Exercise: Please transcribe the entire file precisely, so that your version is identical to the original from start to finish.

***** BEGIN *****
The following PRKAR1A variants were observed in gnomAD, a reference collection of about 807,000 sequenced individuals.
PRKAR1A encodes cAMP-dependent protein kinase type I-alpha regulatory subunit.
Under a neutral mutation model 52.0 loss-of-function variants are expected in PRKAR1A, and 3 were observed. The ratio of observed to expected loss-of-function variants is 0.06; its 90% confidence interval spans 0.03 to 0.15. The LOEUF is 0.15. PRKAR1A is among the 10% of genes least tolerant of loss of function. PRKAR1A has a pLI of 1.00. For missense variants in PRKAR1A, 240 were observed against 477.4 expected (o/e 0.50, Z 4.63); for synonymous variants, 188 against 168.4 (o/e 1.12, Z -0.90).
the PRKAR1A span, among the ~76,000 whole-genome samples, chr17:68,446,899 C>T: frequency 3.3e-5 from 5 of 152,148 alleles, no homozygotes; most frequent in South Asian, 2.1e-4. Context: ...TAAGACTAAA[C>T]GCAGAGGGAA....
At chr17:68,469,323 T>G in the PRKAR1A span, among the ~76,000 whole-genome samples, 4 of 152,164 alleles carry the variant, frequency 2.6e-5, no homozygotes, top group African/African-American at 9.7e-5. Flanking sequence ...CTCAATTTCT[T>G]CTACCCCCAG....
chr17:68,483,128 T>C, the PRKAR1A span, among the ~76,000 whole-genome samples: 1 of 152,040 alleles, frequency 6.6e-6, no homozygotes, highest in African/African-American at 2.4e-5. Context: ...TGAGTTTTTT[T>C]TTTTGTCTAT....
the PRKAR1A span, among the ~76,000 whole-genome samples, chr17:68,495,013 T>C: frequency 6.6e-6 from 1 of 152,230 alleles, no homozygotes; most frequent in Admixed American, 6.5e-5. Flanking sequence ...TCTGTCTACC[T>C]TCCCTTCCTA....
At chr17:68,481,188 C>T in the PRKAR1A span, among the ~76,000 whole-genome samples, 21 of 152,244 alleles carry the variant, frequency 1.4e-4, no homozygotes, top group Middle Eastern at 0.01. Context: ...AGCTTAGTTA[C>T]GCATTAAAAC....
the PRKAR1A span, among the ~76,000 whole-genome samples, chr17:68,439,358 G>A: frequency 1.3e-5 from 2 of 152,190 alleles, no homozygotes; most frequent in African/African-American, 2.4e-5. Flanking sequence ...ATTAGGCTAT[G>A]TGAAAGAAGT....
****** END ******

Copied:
The following PRKAR1A variants were observed in gnomAD, a reference collection of about 807,000 sequenced individuals.
PRKAR1A encodes cAMP-dependent protein kinase type I-alpha regulatory subunit.
Under a neutral mutation model 52.0 loss-of-function variants are expected in PRKAR1A, and 3 were observed. The ratio of observed to expected loss-of-function variants is 0.06; its 90% confidence interval spans 0.03 to 0.15. The LOEUF is 0.15. PRKAR1A is among the 10% of genes least tolerant of loss of function. PRKAR1A has a pLI of 1.00. For missense variants in PRKAR1A, 240 were observed against 477.4 expected (o/e 0.50, Z 4.63); for synonymous variants, 188 against 168.4 (o/e 1.12, Z -0.90).
the PRKAR1A span, among the ~76,000 whole-genome samples, chr17:68,446,899 C>T: frequency 3.3e-5 from 5 of 152,148 alleles, no homozygotes; most frequent in South Asian, 2.1e-4. Context: ...TAAGACTAAA[C>T]GCAGAGGGAA....
At chr17:68,469,323 T>G in the PRKAR1A span, among the ~76,000 whole-genome samples, 4 of 152,164 alleles carry the variant, frequency 2.6e-5, no homozygotes, top group African/African-American at 9.7e-5. Flanking sequence ...CTCAATTTCT[T>G]CTACCCCCAG....
chr17:68,483,128 T>C, the PRKAR1A span, among the ~76,000 whole-genome samples: 1 of 152,040 alleles, frequency 6.6e-6, no homozygotes, highest in African/African-American at 2.4e-5. Context: ...TGAGTTTTTT[T>C]TTTTGTCTAT....
the PRKAR1A span, among the ~76,000 whole-genome samples, chr17:68,495,013 T>C: frequency 6.6e-6 from 1 of 152,230 alleles, no homozygotes; most frequent in Admixed American, 6.5e-5. Flanking sequence ...TCTGTCTACC[T>C]TCCCTTCCTA....
At chr17:68,481,188 C>T in the PRKAR1A span, among the ~76,000 whole-genome samples, 21 of 152,244 alleles carry the variant, frequency 1.4e-4, no homozygotes, top group Middle Eastern at 0.01. Context: ...AGCTTAGTTA[C>T]GCATTAAAAC....
the PRKAR1A span, among the ~76,000 whole-genome samples, chr17:68,439,358 G>A: frequency 1.3e-5 from 2 of 152,190 alleles, no homozygotes; most frequent in African/African-American, 2.4e-5. Flanking sequence ...ATTAGGCTAT[G>A]TGAAAGAAGT....